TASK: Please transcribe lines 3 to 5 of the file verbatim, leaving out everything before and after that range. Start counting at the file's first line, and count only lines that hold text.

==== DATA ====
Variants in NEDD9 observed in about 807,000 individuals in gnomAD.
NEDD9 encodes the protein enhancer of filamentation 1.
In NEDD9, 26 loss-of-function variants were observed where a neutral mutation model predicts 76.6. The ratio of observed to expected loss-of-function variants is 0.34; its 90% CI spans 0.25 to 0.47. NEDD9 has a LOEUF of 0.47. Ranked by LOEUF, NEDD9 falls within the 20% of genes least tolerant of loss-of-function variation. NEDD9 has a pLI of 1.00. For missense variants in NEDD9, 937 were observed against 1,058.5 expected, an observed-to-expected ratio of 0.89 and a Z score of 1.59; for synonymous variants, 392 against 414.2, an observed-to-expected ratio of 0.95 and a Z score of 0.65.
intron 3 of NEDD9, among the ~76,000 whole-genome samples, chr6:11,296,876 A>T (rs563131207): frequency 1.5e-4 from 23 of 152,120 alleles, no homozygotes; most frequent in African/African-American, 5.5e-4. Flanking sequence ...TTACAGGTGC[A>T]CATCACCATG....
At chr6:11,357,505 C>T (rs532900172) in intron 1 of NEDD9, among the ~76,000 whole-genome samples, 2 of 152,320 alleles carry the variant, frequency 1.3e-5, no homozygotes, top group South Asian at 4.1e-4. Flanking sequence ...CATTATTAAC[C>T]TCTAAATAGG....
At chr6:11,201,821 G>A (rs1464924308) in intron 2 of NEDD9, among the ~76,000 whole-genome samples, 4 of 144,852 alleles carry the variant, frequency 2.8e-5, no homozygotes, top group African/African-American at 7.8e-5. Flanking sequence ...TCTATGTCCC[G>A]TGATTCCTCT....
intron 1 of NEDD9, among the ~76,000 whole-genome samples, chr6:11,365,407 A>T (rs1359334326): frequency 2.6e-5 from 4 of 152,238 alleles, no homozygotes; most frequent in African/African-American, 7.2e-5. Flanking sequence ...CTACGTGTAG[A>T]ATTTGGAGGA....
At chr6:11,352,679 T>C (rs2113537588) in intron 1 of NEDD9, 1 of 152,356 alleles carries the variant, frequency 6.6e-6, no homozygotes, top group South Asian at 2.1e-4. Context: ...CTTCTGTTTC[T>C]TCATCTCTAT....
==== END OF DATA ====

In NEDD9, 26 loss-of-function variants were observed where a neutral mutation model predicts 76.6. The ratio of observed to expected loss-of-function variants is 0.34; its 90% CI spans 0.25 to 0.47. NEDD9 has a LOEUF of 0.47. Ranked by LOEUF, NEDD9 falls within the 20% of genes least tolerant of loss-of-function variation. NEDD9 has a pLI of 1.00. For missense variants in NEDD9, 937 were observed against 1,058.5 expected, an observed-to-expected ratio of 0.89 and a Z score of 1.59; for synonymous variants, 392 against 414.2, an observed-to-expected ratio of 0.95 and a Z score of 0.65.
intron 3 of NEDD9, among the ~76,000 whole-genome samples, chr6:11,296,876 A>T (rs563131207): frequency 1.5e-4 from 23 of 152,120 alleles, no homozygotes; most frequent in African/African-American, 5.5e-4. Flanking sequence ...TTACAGGTGC[A>T]CATCACCATG....
At chr6:11,357,505 C>T (rs532900172) in intron 1 of NEDD9, among the ~76,000 whole-genome samples, 2 of 152,320 alleles carry the variant, frequency 1.3e-5, no homozygotes, top group South Asian at 4.1e-4. Flanking sequence ...CATTATTAAC[C>T]TCTAAATAGG....